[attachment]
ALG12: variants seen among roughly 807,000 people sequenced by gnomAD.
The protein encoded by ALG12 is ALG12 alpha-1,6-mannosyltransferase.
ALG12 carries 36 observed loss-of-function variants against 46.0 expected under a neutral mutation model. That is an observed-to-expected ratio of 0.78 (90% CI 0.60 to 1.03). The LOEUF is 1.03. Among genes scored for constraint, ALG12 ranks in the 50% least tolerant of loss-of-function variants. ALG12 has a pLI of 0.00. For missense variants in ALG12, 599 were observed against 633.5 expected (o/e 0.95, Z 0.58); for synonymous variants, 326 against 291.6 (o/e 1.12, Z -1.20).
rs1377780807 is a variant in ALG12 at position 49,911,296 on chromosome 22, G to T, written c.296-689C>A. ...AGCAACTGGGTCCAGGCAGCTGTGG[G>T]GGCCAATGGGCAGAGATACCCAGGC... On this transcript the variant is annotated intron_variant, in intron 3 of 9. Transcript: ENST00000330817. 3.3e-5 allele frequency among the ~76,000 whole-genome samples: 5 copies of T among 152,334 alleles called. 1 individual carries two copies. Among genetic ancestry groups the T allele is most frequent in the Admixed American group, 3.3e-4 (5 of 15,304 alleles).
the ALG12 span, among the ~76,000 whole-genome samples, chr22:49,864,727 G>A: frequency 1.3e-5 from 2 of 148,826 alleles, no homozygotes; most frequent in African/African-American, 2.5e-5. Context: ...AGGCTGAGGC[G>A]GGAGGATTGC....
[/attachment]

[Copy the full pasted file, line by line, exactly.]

ALG12: variants seen among roughly 807,000 people sequenced by gnomAD.
The protein encoded by ALG12 is ALG12 alpha-1,6-mannosyltransferase.
ALG12 carries 36 observed loss-of-function variants against 46.0 expected under a neutral mutation model. That is an observed-to-expected ratio of 0.78 (90% CI 0.60 to 1.03). The LOEUF is 1.03. Among genes scored for constraint, ALG12 ranks in the 50% least tolerant of loss-of-function variants. ALG12 has a pLI of 0.00. For missense variants in ALG12, 599 were observed against 633.5 expected (o/e 0.95, Z 0.58); for synonymous variants, 326 against 291.6 (o/e 1.12, Z -1.20).
rs1377780807 is a variant in ALG12 at position 49,911,296 on chromosome 22, G to T, written c.296-689C>A. ...AGCAACTGGGTCCAGGCAGCTGTGG[G>T]GGCCAATGGGCAGAGATACCCAGGC... On this transcript the variant is annotated intron_variant, in intron 3 of 9. Transcript: ENST00000330817. 3.3e-5 allele frequency among the ~76,000 whole-genome samples: 5 copies of T among 152,334 alleles called. 1 individual carries two copies. Among genetic ancestry groups the T allele is most frequent in the Admixed American group, 3.3e-4 (5 of 15,304 alleles).
the ALG12 span, among the ~76,000 whole-genome samples, chr22:49,864,727 G>A: frequency 1.3e-5 from 2 of 148,826 alleles, no homozygotes; most frequent in African/African-American, 2.5e-5. Context: ...AGGCTGAGGC[G>A]GGAGGATTGC....